Our blogs

Regular news and insight from our many poets, writers, educators and facilitators

14 September 2021

Posted by Tabby Hayward

THE YOUNG WALTER SCOTT PRIZE

13 attending

This week, we started thinking about the Young Walter Scott Prize, a historical writing prize for young writers: https://www.walterscottprize.co.uk/young-walter-scott-prize/how-to-enter/ 

We looked at some of the previous winners, focusing on 'And When Did You Last See Your Father', by Ted Whittaker - which was interestingly inspired by a painting! https://www.walterscottprize.co.uk/wp-content/uploads/2021/08/And-When-Did-You-Last-See-Your-Father.pdf 

Next, we started thinking about times in history we might want to write about - maybe ones covered in school, or in books we liked, or which other people might not know so much about - or which have a good Horrible Histories song to introduce them!

We considered these questions...

Who is your main character?

What is their name?
How old are they?
Where do they live?
Are they rich or poor?
Are they male or female?
What do they do?
What do they care about?

What is your main setting?

What does it look like?
What does it sound like?
What does it smell like?
Does it change at all over the course of the story?

What is your story?
What problems might your character face?
Are there difficult decisions they will need to make?
Is there a major event that is taking place at this time – e.g. a war, a
revolution, important inventions? How will this impact on your character?
How will things have changed by the end of your story?

And then we started work on stories...

Here is Charlotte's story so far:

Clara stared down at the two files in front of her. One had fallen on the floor thanks to her clumsiness and the other seemed to have drifted from a nearby table. She whipped her eyes over to the table. One man sat alone, blankly reading his newspaper. A large suitcase stood to the side of him. She then whipped her eyes back to the files. She picked them both up and shuffled them about.

“Top secret.” One of them read, poking out of the top of the file. 

Clara sighed quietly. She put one file back down in the suitcase and the other she took with her. The man didn’t even flinch. He put his newspaper down and then left, suitcase in hand. Clara watched him go and then returned to her duties. She didn’t want to make her pack leader more angry then she already was.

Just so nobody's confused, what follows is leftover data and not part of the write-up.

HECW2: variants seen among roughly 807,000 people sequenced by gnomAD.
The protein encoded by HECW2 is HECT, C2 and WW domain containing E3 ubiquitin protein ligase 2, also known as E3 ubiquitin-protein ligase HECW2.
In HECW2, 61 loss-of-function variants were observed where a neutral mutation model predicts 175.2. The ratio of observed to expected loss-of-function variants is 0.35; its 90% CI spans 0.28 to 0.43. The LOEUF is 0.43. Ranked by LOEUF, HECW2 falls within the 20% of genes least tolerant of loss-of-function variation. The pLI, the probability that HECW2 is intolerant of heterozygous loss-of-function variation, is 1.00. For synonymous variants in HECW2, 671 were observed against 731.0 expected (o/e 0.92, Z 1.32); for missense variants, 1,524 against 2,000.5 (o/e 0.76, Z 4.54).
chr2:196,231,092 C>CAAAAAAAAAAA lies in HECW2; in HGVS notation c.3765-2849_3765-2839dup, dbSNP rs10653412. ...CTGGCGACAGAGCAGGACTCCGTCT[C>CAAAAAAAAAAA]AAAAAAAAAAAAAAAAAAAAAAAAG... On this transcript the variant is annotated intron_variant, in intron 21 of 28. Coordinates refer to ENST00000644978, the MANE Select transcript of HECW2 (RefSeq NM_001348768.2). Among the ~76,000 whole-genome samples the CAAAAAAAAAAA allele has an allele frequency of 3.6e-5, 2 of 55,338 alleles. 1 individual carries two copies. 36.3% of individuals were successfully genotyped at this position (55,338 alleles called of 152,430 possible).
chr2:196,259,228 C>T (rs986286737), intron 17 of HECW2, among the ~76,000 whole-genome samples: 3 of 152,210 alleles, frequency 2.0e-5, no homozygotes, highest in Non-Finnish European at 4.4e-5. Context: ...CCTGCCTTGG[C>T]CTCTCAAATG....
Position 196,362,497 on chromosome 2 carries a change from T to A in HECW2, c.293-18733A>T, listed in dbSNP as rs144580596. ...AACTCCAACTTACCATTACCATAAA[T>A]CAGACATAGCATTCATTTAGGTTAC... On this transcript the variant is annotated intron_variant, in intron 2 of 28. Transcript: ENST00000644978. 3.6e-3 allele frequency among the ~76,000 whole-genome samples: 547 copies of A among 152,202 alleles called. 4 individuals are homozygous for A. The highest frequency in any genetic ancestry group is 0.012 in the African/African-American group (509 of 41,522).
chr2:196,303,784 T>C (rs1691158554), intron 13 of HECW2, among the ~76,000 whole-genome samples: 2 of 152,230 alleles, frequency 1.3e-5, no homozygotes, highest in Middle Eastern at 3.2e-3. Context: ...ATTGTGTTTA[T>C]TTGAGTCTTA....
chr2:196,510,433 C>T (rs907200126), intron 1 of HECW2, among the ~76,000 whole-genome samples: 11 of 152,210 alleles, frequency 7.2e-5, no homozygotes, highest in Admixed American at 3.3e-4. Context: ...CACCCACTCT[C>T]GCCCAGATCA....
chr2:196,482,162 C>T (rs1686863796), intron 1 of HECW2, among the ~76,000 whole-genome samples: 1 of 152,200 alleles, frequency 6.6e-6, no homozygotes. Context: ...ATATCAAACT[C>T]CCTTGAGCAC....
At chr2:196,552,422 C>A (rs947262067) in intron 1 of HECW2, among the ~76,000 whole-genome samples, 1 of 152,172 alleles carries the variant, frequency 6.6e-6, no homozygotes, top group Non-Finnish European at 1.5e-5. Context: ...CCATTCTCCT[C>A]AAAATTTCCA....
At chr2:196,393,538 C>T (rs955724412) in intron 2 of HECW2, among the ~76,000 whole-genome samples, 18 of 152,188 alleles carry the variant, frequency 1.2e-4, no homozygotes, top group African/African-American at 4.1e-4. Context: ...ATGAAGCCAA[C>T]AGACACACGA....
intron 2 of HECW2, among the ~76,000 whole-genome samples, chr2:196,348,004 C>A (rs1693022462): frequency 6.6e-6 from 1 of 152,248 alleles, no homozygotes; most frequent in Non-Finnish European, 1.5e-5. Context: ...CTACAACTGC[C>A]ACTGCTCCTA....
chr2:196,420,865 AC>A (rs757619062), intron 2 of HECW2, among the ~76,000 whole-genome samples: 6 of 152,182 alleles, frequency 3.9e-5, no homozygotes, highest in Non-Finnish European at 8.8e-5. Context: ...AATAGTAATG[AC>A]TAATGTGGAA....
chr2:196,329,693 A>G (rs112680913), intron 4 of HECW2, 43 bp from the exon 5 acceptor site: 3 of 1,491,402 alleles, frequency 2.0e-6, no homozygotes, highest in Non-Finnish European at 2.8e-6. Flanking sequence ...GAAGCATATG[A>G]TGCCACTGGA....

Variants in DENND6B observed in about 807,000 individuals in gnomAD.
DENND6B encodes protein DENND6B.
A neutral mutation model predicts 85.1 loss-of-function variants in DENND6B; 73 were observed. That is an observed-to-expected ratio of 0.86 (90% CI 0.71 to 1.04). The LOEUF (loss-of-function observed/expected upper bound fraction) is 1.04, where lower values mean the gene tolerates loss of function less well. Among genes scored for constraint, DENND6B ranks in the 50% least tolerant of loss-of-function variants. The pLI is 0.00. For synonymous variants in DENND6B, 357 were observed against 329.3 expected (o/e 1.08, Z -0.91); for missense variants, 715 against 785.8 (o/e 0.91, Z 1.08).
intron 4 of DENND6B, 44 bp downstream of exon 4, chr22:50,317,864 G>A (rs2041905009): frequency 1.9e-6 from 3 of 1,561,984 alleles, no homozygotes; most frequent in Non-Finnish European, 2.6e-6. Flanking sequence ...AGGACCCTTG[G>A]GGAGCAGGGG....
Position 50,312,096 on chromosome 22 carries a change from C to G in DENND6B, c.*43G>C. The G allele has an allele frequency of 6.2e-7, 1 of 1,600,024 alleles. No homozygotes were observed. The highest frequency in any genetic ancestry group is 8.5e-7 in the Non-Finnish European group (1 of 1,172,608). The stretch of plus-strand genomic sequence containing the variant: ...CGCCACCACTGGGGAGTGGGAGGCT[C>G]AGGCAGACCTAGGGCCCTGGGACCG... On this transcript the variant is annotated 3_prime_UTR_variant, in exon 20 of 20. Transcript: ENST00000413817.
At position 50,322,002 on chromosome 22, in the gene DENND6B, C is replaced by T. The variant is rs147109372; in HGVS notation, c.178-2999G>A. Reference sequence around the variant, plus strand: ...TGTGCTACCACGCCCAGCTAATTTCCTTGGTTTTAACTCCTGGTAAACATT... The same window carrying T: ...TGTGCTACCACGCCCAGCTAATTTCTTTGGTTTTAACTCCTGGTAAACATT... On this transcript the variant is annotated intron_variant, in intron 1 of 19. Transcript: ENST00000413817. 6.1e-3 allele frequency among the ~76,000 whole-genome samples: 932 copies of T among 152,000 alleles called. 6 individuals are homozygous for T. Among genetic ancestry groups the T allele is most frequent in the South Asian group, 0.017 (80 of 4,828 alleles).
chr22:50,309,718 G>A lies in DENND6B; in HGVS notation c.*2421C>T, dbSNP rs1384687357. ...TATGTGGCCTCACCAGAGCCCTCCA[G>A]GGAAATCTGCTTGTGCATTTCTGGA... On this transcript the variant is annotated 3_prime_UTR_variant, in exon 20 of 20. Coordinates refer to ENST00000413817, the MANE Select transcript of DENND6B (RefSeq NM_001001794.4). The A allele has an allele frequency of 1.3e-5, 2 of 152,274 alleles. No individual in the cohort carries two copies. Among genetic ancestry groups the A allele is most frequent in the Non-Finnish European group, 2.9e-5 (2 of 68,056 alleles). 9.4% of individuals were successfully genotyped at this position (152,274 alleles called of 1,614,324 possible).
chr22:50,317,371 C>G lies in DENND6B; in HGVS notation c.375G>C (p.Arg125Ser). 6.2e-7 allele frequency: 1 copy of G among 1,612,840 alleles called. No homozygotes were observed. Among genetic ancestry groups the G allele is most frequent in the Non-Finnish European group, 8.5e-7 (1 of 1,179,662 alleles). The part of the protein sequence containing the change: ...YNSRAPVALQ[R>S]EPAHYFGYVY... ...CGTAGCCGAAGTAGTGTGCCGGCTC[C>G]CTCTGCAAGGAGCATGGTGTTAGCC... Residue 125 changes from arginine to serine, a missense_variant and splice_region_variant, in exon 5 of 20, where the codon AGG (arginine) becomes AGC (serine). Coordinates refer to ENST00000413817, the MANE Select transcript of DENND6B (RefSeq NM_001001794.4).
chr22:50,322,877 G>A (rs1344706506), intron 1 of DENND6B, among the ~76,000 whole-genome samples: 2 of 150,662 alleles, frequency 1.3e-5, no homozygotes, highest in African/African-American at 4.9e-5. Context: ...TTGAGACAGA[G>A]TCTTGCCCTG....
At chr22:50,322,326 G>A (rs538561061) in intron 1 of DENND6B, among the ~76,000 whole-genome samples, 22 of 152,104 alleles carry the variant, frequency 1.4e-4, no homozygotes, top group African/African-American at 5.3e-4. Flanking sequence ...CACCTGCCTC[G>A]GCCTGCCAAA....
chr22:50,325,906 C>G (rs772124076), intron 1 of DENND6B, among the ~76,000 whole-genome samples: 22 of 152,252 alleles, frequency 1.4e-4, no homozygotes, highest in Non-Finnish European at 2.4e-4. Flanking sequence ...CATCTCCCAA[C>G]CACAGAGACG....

Later that day when she was back at home, Clara sipped her coco. The file laid across her bed. She hadn’t opened it. She didn’t dare to! 

“Knock knock.” A small voice came at her door. She quickly fumbled with the file and locked it away in her bedside drawer. 

The door opened with Edward on the other side. He was in a smart uniform. The buttons all gleamed in the lamp light. Mother must have done them over with her scrubbing brush. 

“You were quiet at dinner. I just wondered if you were alright.” Edward asked, seeing Clara looking a little flustered.

“I’m fine.” Clara answered sharply.

“Clara if this is about me going away tonight…” Edward tutted.

“It’s not all about you!” Clara shouted a bit too loudly then she had intended to. 

Edward stood there silent. He nodded, gave a small smile and left again. Clara gave out a huge sigh. She never meant to hurt her brother, especially not before him going away. She made sure the file was tucked away and then followed him down the stairs. Hoping he would forgive her.

And here is Leo's:
It was quite a cold day that day, the air itself seemed to shiver with the frost it carried, and the unnatural stiffness of the Great Hall. Everyone sat around the edges of the Hall, with an oak table set in the centre. At the front was a block draped with emotionless black curtains, emanating a grim aurora, an  aurora of ill fate. They were dark beyond anyone’s comprehension, so dark in fact, the only thing that couldn’t be distinguished from them would be death itself. Death itself would also be the only thing needing to hide in such a void, as it was the evening on the 7th of February 1587, in Fotheringhay Castle.

We'll return to the Young Walter Scott Prize in future workshops and hope that many of our young writers will be keen to enter!

Archive

Back to blog

What's on

Find out more

Our projects

Find out more

Our films

Watch now

Headlight Press

Find out more

Latest news

10 November 2021

Funding, Workshops, Showcases and Opportunities

News and Opportunities for Writers and WritingArtfulScribe is grateful to acknowledge funding from Arts Council England to support our vision for literature...

Read more

Our blogs

Regular news and insight from our many poets, writers, educators and facilitators

Find out more

Resources


Why not get in touch?